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gordonyeUntitled Comment

gordonye

Hasn't voted

It is probably a false claim (myth). This claim is widely used in official literature, but a number of people have disputed it. For example, Pikes peak is a highly qualified contender. Search google for "diablo kilimanjaro view".
Posted Sep 12, 2003 12:49 pm

BMS914Re: Untitled Comment

BMS914

Hasn't voted

I used to live at the base of this mountain. The view is indeed fabulous, but the claim is from a plaque in the gift shop at the summit. Guy who made the claim had a hotel on the mountain long ago he was promoting. 3900' mountains have limited views!
Posted Feb 24, 2014 11:47 pm

mpbroUntitled Comment

mpbro

Voted 10/10

I think there is a quantitative way of determining such a measure. On a digital elevation model, simply trace straight rays at all (reasonable) azimuths and elevations from the summit of interest to obtain a map like this: Half Dome.



Of course, this approach ignores haze and other atmospheric events (curving rays), and also ignores the earth's curvature (easy to correct for) but you get a pretty good idea of what's going on.
Posted Nov 15, 2003 1:28 pm

gordonyeUntitled Comment

gordonye

Hasn't voted

Morgan, very nice exercise. You can calculate visibility areas with a standard GIS software like ArcInfo. However, the crux of the problem is obtaining enough digital elevation model data to cover all visible areas. This is very difficult as the visible areas can be 200+ miles in radius, which means a high resolution dataset of the area will be huge. Using a smaller dataset you'll always miss a few distant peaks.
Posted Nov 19, 2003 12:16 pm

gordonyeUntitled Comment

gordonye

Hasn't voted

Yes, these are endemic plants on Mt Diablo; the names of quite a few native plants carry the name of the mountain.
Posted May 26, 2005 7:50 pm

DigglerUntitled Comment

Diggler

Hasn't voted

Gordon,



I've heard the claim before that Diablo has one of the country's farther ranging views. Hadn't heard the bit about it being only 2nd to Kiliminjaro. How is that determined, or from which sources did you get that (not disputing your claim, merely curious)?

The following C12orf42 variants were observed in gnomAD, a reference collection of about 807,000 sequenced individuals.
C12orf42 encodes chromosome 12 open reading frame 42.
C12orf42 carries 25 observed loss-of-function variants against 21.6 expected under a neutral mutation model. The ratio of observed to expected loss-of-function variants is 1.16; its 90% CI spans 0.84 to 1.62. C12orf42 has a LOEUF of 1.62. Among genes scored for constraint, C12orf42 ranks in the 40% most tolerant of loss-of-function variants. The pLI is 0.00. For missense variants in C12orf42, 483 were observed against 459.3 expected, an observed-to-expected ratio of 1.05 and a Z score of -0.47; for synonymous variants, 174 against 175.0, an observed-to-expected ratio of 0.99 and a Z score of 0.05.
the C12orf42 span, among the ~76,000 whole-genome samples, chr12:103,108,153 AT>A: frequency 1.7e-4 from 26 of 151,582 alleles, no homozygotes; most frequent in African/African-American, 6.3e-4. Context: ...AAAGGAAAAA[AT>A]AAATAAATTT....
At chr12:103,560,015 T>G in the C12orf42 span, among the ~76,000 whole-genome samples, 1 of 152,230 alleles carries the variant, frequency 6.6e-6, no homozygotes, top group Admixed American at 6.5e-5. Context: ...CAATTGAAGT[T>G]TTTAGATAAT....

Posted Sep 12, 2003 11:42 am

gordonyeUntitled Comment

gordonye

Hasn't voted

It is probably a false claim (myth). This claim is widely used in official literature, but a number of people have disputed it. For example, Pikes peak is a highly qualified contender. Search google for "diablo kilimanjaro view".
Posted Sep 12, 2003 12:49 pm

mpbroUntitled Comment

mpbro

Voted 10/10

I think there is a quantitative way of determining such a measure. On a digital elevation model, simply trace straight rays at all (reasonable) azimuths and elevations from the summit of interest to obtain a map like this: Half Dome.



Of course, this approach ignores haze and other atmospheric events (curving rays), and also ignores the earth's curvature (easy to correct for) but you get a pretty good idea of what's going on.
Posted Nov 15, 2003 1:28 pm

gordonyeUntitled Comment

gordonye

Hasn't voted

Morgan, very nice exercise. You can calculate visibility areas with a standard GIS software like ArcInfo. However, the crux of the problem is obtaining enough digital elevation model data to cover all visible areas. This is very difficult as the visible areas can be 200+ miles in radius, which means a high resolution dataset of the area will be huge. Using a smaller dataset you'll always miss a few distant peaks.
Posted Nov 19, 2003 12:16 pm

nartrebUntitled Comment

nartreb

Hasn't voted

Unless there's another Mt Diablo nearby, this mountain is in the news this week as the home of the thought-to-be-extinct

Mount Diablo Buckwheat
Posted May 26, 2005 6:48 pm

gordonyeUntitled Comment

gordonye

Hasn't voted

Yes, these are endemic plants on Mt Diablo; the names of quite a few native plants carry the name of the mountain.
Posted May 26, 2005 7:50 pm

Scott FultonSummit Trail closed on 7/2/06

Scott Fulton

Hasn't voted

As of July 2nd, 2006, the Summit Trail was closed at the South Gate Entrance due to landslides. There was a barrier about 200 or 300 yards from the trailhead. I'll try again later this summer, but I'll call the Park beforehand.
Posted Jul 3, 2006 10:05 pm

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